The Miami Marlins were a bust in the standings in 2012, but the team's value rose 16% thanks in large part to the opening of Marlins Park.
Financial publication Forbes released its annual baseball franchise valuations Wednesday, and the Miami Marlins were once again one of the least valuable teams in MLB.
Forbes valued the Marlins at $520 million, the 26th most-valuable team in the league.
But that was up 16% from the previous year, before the opening of Marlins Park in Little Havana. If that seems like a huge jump, the average franchise value rose 23% last year, so the Marlins actually underperformed the competition (not a new theme for the team).
The Marlins are the fifth-least valuable franchise in baseball, ahead of only the Pittsburgh Pirates, Kansas City Royals, Oakland Athletics, and Tampa Bay Rays. The team also has the seventh-highest debt load, at 29% of franchise value.
Miami was one of the worst performing teams in the standings and the financials. The Marlins lost $7.1 million in 2012, according to Forbes' calculations (all while finishing 69-93, at the bottom of the NL East standings). Only the Texas Rangers and Los Angeles Angels lost more money last season.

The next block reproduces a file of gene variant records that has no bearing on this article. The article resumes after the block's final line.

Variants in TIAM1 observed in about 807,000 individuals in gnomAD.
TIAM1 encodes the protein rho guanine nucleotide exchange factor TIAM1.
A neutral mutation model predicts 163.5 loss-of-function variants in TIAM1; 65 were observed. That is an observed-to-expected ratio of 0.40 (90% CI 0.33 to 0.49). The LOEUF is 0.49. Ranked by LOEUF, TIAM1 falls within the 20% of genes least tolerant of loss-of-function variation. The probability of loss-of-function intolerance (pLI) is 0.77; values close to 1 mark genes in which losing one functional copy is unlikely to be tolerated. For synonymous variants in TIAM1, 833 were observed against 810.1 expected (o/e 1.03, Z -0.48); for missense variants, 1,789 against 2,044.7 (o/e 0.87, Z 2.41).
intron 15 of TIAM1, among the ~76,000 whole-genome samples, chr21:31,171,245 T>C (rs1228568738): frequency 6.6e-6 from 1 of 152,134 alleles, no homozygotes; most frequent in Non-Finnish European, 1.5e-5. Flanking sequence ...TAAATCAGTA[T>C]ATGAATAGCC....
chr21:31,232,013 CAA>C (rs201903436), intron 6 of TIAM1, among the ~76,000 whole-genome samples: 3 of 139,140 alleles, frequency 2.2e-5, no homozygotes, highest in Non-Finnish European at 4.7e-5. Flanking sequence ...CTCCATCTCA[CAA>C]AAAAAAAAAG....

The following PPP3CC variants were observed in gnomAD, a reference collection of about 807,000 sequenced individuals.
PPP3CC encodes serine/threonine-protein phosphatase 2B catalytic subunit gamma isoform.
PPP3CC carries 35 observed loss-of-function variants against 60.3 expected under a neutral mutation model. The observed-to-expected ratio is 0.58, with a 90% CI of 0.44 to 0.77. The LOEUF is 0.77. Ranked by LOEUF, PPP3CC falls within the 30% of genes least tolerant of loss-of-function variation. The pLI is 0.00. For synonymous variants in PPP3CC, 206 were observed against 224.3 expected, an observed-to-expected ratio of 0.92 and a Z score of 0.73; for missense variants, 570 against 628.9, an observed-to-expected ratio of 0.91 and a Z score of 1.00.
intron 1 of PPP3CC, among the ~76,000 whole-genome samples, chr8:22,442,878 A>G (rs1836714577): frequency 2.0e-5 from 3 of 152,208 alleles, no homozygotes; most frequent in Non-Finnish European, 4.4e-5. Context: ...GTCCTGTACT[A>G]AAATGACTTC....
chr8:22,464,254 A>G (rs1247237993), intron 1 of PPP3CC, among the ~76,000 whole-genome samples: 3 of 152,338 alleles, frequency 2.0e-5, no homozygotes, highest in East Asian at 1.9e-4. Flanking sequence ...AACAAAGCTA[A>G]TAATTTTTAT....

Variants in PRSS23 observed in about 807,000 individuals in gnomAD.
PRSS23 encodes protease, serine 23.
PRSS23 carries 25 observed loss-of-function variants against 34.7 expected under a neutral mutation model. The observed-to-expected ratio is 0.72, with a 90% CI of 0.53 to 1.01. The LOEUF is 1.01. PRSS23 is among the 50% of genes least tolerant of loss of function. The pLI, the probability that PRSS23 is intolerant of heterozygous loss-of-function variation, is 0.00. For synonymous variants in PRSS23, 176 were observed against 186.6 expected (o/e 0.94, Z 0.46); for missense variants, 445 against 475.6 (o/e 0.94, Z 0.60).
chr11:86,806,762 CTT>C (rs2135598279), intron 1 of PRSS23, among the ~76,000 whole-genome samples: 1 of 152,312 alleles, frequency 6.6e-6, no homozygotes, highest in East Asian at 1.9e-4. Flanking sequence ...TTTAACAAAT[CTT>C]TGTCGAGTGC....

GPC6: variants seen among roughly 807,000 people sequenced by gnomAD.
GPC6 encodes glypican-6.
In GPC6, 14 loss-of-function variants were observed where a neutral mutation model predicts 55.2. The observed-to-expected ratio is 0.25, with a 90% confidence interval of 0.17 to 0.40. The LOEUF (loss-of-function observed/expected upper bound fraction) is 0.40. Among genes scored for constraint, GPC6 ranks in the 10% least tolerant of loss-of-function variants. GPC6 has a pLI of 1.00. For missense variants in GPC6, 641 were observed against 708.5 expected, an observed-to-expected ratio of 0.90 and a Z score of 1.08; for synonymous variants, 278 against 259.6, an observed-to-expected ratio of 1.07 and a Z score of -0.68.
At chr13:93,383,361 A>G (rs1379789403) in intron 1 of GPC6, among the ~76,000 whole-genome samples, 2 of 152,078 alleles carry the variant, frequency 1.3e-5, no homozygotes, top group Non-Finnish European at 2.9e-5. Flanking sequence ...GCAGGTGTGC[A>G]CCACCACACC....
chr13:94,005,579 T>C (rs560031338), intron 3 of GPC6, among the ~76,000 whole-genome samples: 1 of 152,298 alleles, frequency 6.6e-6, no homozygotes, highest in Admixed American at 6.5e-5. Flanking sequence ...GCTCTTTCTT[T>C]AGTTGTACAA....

Still considering the fact that Marlins owner Jeffrey Loria bought the team for $158.5 million in 2002 (with a $38.5 million interest-free loan from MLB to help finance his purchase), it's pretty clear he has done well with his investment, averaging an 11.4% annual return on a compound basis.
Forbes' numbers show exactly why the team executed a series of payroll-slashing deals over the last year. Even with a new stadium that boosted ticket sales and increased concession and merchandise revenue, the team still could not turn a profit in 2012. Cutting payroll to the bone might not increase ticket sales, but it reduces the team's breakeven revenue point significantly.
The New York Yankees were once again the most valuable team, at $2.3 billion. The Los Angeles Dodgers were second at $1.6 billion.